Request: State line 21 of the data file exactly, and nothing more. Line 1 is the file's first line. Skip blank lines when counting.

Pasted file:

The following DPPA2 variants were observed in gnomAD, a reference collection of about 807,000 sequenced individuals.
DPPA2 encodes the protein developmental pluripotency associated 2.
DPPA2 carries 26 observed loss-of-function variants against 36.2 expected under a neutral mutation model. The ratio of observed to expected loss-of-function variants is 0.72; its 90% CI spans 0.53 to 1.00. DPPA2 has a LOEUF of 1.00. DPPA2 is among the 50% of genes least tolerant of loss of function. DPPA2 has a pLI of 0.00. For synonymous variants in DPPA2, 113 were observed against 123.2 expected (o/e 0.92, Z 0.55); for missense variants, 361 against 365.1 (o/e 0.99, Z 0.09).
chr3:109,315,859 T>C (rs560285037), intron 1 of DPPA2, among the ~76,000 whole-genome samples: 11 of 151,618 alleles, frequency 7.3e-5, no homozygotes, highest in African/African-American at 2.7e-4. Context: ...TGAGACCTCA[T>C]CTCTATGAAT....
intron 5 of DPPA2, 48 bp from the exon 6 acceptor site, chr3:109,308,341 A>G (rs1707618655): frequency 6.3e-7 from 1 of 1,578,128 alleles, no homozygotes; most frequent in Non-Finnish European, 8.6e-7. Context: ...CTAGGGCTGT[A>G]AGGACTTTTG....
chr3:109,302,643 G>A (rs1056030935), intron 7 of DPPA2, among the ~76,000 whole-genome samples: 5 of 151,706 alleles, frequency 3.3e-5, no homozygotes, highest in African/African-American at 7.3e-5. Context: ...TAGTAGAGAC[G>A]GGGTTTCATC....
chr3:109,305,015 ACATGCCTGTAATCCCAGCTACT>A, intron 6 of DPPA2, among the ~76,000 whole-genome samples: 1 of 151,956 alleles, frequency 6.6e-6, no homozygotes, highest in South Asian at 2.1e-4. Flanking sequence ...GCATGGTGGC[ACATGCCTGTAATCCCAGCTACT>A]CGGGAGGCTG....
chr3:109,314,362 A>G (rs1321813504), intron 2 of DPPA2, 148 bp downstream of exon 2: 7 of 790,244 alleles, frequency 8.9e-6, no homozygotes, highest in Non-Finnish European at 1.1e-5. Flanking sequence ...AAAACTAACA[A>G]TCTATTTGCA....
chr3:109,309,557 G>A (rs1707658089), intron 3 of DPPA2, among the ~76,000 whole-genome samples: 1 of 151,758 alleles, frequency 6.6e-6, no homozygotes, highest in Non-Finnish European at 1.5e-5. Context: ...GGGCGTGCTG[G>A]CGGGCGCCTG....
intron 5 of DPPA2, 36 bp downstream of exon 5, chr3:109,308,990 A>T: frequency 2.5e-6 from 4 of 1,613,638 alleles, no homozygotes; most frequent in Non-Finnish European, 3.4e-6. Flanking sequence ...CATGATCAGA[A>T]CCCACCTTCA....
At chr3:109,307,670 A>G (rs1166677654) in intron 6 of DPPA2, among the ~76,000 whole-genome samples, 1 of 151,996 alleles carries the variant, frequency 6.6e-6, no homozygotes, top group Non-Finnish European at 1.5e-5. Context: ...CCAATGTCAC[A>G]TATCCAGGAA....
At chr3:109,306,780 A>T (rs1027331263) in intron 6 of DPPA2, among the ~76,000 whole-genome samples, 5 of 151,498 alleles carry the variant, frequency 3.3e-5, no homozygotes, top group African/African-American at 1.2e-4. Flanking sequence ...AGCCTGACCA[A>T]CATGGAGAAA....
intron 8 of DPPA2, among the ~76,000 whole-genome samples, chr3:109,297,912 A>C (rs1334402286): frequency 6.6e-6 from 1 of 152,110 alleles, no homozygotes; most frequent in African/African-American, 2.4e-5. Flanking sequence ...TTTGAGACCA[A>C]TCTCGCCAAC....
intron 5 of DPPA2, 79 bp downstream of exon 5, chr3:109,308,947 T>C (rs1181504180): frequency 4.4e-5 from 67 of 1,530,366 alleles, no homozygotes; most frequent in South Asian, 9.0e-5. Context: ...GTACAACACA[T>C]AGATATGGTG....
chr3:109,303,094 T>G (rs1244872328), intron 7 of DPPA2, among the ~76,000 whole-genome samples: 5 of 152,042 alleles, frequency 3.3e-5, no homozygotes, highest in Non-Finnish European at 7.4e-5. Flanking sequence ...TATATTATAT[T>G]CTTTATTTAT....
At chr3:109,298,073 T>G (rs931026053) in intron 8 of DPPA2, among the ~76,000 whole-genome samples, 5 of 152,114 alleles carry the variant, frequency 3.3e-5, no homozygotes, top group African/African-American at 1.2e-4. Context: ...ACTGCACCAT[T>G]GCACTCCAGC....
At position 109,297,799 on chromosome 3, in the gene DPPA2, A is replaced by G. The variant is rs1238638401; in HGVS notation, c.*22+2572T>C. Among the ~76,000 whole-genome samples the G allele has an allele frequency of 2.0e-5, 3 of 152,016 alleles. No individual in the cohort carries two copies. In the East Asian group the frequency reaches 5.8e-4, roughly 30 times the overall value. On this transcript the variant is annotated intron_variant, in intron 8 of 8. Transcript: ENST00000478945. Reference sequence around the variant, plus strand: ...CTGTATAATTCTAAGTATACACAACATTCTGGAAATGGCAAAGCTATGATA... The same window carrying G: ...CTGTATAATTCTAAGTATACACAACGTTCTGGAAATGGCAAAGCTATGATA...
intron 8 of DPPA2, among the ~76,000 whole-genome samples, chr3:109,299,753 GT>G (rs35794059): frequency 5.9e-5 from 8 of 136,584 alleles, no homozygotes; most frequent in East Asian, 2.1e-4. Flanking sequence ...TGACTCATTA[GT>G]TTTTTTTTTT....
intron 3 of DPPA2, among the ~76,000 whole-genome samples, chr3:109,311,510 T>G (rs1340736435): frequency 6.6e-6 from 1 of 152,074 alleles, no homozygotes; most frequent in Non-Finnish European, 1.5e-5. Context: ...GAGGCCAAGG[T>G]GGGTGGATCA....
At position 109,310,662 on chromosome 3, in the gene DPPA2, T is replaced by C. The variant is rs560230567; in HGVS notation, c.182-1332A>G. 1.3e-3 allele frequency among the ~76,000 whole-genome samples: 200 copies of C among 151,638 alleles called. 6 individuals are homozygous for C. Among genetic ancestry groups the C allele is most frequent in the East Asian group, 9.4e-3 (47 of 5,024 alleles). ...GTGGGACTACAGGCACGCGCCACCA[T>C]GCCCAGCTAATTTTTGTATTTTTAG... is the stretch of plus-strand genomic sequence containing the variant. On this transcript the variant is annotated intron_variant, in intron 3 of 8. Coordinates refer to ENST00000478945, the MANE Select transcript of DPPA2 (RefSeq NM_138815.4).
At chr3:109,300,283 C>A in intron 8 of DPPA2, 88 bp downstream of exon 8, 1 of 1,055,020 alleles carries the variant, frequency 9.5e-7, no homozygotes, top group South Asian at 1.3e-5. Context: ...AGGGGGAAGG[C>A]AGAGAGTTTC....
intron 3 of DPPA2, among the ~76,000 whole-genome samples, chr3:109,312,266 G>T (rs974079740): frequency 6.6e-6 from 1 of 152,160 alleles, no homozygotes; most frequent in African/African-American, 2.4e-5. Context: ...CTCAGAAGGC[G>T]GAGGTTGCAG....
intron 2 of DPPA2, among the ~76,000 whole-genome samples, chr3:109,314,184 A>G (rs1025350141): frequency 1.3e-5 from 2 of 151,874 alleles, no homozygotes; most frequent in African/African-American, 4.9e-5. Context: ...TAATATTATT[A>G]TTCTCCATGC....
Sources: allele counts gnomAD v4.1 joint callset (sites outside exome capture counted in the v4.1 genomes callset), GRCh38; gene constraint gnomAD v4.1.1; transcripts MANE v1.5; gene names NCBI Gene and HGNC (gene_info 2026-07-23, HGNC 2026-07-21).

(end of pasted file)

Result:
At chr3:109,300,283 C>A in intron 8 of DPPA2, 88 bp downstream of exon 8, 1 of 1,055,020 alleles carries the variant, frequency 9.5e-7, no homozygotes, top group South Asian at 1.3e-5. Context: ...AGGGGGAAGG[C>A]AGAGAGTTTC....